What You'll Eat
If the cavemen ate it, you can too. Chow down on a cold pork chop for a mid-day snack, if you want, or feast on 12 ounces of Atlantic salmon for breakfast. Paleo diet menus are stuffed with meat, fish, poultry, plants, and fruit, and traditionally absent of any refined sugar, dairy, legumes, and grains (this is pre-agricultural revolution, after all).
If that sounds too restrictive, many programs based on Paleo principles allow for a dash of modern condiments, like dressing and salsa, and drinks, like coffee and the occasional beer. They may even permit you to cheat a couple times a week, to keep you on the wagon.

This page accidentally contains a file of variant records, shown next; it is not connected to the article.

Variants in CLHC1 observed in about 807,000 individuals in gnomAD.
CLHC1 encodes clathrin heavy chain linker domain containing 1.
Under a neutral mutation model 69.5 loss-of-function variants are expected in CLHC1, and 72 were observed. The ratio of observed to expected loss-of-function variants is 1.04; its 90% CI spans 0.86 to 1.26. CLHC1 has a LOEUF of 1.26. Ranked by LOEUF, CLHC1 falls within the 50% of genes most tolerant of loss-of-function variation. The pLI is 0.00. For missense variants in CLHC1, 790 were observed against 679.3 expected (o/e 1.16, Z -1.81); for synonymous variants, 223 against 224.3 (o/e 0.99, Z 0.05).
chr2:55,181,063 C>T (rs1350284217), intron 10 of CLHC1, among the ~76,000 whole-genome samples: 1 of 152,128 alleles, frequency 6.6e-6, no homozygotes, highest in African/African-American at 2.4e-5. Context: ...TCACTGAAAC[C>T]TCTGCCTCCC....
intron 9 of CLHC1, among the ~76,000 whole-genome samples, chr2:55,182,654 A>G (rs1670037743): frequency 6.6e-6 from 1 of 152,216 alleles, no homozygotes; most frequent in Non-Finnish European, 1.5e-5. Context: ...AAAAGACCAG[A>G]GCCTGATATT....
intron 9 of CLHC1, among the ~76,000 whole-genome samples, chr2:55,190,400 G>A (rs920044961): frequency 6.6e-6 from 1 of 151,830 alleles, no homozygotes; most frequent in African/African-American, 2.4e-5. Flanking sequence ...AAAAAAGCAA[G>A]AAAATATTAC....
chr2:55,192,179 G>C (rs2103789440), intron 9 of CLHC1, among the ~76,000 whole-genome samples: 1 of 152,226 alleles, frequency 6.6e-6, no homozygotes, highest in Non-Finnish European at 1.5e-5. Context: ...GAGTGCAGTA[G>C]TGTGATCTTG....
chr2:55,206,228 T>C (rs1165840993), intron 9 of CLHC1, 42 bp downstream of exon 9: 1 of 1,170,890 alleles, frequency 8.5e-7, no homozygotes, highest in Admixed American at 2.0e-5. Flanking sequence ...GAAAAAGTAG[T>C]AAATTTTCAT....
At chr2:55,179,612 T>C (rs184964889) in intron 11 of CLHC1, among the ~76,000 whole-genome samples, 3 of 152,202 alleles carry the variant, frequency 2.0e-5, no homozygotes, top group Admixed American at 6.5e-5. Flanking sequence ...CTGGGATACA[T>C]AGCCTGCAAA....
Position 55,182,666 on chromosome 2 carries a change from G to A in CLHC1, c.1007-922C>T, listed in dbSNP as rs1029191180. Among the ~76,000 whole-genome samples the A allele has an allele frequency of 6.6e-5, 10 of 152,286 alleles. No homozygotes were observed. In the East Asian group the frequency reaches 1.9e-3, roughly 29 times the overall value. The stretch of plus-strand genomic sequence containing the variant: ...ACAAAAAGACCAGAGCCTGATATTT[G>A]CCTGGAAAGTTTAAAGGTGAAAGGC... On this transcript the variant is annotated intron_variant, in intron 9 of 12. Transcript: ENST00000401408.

Food prep stays simple: Cook the meat, steam the veggies, toss together the salad. Cavemen didn't (or, rather, couldn't) add fancy seasonings or sauces; you needn't either.
If you're sticking to the most traditional Paleo approach, you won't need many recipes at all. But if you want more variety, you'll find plenty of free recipes online—many of them from the authors of popular Paleo plans or cookbooks. Here are several:
Last updated by Kurtis Hiatt | January 02, 2013
Nutrisystem determines portions, prepares and delivers your meals, and tells you what to eat and when.
The Dean Ornish Diet can be tailored to your specific health issues. The strictest version is challenging because it severely reduces fat intake.
The Mayo Clinic diet plan focuses on lifelong healthy eating. It's rated high in nutrition, safety, and diabetes, but only moderately effective for weight loss.